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This morning Jim Woodman of Pathway Genomics, a start-up consumer genetic testing company based here in San Diego, visited the offices of the competitor Group. I am going to write an article about Pathway and, more broadly, about the nascent industry of consumer genetic testing, particularly as it relates to athletes, for Triathlete, and I'm excited about it, not least of all because I will get a free, comprehensive genetic analysis out of the bargain.

 

 

I've known Jim Woodman for a long time. He used to publish Florida Sports magazine. In the late '90s he created a website called ActiveUSA, which was purchased by a company by RaceGate, which then became Active.com. I met Jim in 2000 when he was working as Active's senior VP of business development and I was hired there as a content editor. I'm not sure exactly when or why Jim left Active, but he seems pretty excited about his new gig. And I can see why. His business is on the frontier of a world-changing phenomenon. Genetic analysis is fairly primitive today, but before long it will have amazing capabilities, and companies such as Pathway will drive that evolution, so to speak. As Jim said, "We're like the Internet in 1993."

 

 

There are lots of genetic testing outfits out there, but most are narrowly focused on testing for such things as paternity. Pathway is one of only four noteworthy companies in the world that does very broad testing. They do the paternity thing, as well as ancestry, genetic predisposition for numerous diseases, pharmacogenetic testing (which potentially reveals that certain medications won't work on you, or will kill you), carrier screening (which reveals the likelihood that you will pass along certain disease risks to your offspring), and "interesting traits" such as athletic potential.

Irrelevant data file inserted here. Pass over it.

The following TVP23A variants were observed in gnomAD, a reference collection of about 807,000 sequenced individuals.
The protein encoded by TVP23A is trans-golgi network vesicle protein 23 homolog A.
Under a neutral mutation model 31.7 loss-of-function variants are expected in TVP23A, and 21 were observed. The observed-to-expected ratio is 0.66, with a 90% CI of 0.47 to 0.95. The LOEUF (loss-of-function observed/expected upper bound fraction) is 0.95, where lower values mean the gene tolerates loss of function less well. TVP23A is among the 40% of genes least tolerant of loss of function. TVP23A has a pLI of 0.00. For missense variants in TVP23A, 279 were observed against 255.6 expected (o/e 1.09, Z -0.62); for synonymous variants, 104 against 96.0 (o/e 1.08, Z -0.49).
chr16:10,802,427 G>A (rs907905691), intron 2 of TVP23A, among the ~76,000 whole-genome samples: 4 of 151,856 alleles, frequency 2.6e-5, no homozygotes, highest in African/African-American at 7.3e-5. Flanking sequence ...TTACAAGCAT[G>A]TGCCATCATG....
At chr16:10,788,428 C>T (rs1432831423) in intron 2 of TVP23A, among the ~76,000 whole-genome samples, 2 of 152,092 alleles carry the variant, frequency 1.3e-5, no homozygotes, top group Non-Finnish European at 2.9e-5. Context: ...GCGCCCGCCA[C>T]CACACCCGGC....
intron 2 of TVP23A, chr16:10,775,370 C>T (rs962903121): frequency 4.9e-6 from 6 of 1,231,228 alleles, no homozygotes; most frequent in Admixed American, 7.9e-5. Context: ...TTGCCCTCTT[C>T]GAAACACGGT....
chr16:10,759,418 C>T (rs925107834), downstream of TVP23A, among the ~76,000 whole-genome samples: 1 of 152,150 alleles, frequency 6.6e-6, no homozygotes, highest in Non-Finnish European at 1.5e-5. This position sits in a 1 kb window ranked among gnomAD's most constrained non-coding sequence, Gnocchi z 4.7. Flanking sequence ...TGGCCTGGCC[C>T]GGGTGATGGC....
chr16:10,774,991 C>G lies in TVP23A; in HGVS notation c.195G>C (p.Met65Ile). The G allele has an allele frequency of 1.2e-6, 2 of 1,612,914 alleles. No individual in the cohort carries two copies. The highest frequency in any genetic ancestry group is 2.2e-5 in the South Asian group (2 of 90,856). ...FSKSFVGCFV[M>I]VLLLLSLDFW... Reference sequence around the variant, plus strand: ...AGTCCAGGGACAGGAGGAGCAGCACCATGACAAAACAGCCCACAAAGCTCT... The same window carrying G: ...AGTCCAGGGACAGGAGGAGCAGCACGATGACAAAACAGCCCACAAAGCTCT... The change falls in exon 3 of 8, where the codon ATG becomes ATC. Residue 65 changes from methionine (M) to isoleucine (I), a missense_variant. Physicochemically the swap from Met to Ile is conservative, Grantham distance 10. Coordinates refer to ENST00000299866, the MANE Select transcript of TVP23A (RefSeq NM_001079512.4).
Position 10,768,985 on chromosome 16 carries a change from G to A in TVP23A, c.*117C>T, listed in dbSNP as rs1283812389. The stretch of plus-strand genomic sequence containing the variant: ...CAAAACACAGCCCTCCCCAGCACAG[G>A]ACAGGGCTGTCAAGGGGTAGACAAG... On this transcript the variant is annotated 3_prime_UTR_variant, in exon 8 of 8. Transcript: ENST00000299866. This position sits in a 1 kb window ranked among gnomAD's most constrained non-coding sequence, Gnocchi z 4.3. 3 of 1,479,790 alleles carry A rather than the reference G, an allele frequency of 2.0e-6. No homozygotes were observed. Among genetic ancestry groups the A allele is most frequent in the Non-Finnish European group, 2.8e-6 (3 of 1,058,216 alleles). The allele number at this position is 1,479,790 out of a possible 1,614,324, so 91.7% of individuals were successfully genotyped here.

I am most interested in learning about my athletic genes. The trouble is that currently Pathway only tests for one genetic marker of athletic potential, which is the sprinter's gene. I told Jim I already know I don't have that one. And in point of fact, through many years of training and racing I already know virtually everything that any number of genetic markers could possibly reveal to me. I strongly believe that there is no better test of athletic performance potential than athletic performance itself. Why bother getting a VO2max test when you can run a 5K? Why bother getting a gene test when you can run a 5K? But I do see some potential for genetic analysis to have some benefit for athletes down the road. There are genes that determine not only raw potential for endurance, speed and so forth but also how the body responds to different types of training. So it's conceivable that genetic testing could be used one day to help athletes develop customized training programs that cultivate their potential with less trial and error. Maybe not, but maybe.

 

 

Of course I am interested in learning about my health risks. I don't think I'm one of those people who will freak out if I learn that I am predisposed for early-onset Alzheimer's disease (which is not to say I would bear the news with complete equanimity). And I am also interested in learning about my ancestry. Several years ago my mother did some genealogy research that led her to the discovery that she may have some Jewish blood. Until then I had thought I was nothing but Irish, Scotch, and English. I'd love to confirm that I am one of the Chosen People!

 

 

The testing process is very simple: I just have to spit in a vial and FedEx it to the Pathway lab. Within eight weeks I will know who I am. I will let you know if I find out anything interesting.

 

 

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